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Objective--To look for the presence of the more virulent strains of Helicobacter pylori (H pylori) in men who developed ischaemic heart disease over a 10 year period and in controls.
Design--The Caerphilly prospective heart disease study recruited 2512 men aged 45-59 years during 1979-83. Western blot analysis or enzyme linked immunosorbent assay (ELISA) was performed on serum taken from those who subsequently died of ischaemic heart disease, or developed non-fatal myocardial infarction, to determine H pylori and Cag A status. Similar information was available on age matched controls.
Results--During the first decade of the study, 312 men died of ischaemic heart disease or developed non-fatal myocardial infarction. Serum was available from 172 of these (55%). There was no evidence of an association between Cag A seropositivity and incident ischaemic heart disease or ischaemic heart disease mortality, either before or after adjustment for potential confounders (adjusted odds ratios 1.18 (95% confidence interval (CI) 0.76 to 1.85) and 1.13 (95% CI 0.61 to 2.07), respectively). Further, the odds ratios for ischaemic heart disease incidence and ischaemic heart disease mortality by H pylori seropositivity did not appear to depend on the presence or absence of Cag A strains (p = 0.76 and 0.77, respectively).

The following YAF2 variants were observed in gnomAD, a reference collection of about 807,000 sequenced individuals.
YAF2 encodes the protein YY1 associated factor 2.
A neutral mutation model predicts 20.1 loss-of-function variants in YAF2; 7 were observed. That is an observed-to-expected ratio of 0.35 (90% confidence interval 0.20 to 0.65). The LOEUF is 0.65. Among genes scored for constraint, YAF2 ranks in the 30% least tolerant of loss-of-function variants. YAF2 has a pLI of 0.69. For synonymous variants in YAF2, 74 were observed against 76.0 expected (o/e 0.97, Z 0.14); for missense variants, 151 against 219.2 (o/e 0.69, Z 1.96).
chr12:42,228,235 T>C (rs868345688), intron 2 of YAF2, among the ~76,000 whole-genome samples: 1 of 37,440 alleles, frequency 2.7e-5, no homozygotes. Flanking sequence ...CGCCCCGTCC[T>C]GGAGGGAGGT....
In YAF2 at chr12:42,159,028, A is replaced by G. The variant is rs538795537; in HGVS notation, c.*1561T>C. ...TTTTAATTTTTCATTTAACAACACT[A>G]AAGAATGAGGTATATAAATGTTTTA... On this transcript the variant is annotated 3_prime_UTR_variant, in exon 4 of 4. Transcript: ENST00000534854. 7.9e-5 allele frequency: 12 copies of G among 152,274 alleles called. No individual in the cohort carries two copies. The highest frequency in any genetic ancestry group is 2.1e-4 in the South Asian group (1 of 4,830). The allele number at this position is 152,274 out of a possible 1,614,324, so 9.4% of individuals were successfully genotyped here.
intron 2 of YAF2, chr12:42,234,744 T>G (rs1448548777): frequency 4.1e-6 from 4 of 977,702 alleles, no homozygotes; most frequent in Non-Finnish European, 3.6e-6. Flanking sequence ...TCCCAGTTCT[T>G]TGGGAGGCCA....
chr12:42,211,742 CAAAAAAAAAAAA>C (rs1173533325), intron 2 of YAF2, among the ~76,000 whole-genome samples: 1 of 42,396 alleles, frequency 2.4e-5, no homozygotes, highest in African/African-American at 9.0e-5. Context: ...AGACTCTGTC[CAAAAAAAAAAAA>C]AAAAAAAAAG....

Conclusions--In this cohort of middle aged men, followed over a 10 year period, there is little evidence of an association between Cag A seropositivity and either incident ischaemic heart disease or ischaemic heart disease mortality.
Keywords: ischaemic heart disease; epidemiology; infection; Helicobacter pylori
Helicobacter pylori is a lifelong bacterial infection of the stomach that is mainly acquired in childhood.  Over 20 epidemiological studies have been reported that have investigated the role of H pylori in the aetiology of ischaemic heart disease.  Early case-control studies  broadly supported an association. Cross sectional population studies have given more mixed findings, while more detailed information has recently come from large population based prospective case-control studies. These have attempted to overcome the bias present in case-control and cross sectional studies, and are consistent with only very modest effects. A meta-analysis performed on the seven previous prospective studies involving H pylori and ischaemic heart disease covered 2286 cases. A combined analysis showed an adjusted odds ratio of 1.16 (95% confidence interval (CI) 0.94 to 1.43). 
The inconsistent results may stem from the fact that bacterial and host factors influence the risk, and these have not been assessed in the studies to date. There is a great variability in the severity of H pylori associated gastritis, both between individuals and also at varying stages of life within the individual. Gastritis is more severe in young and early middle aged people, and H pylori may be a stronger risk factor for ischaemic heart disease in younger subjects. 
The H pylori cytotoxin associated gene product A (Cag A) is a marker for enhanced virulence and increased cytotoxin production, and is more commonly found in strains of H pylori causing more severe gastritis, peptic ulcer disease, and gastric cancer.  There are conflicting results from studies designed to investigate the link between CagA seropositivity and ischaemic heart disease, but the results are consistent with a weak association. If confirmed, the finding of a "dose-response" relation between H pylori and ischaemic heart disease would …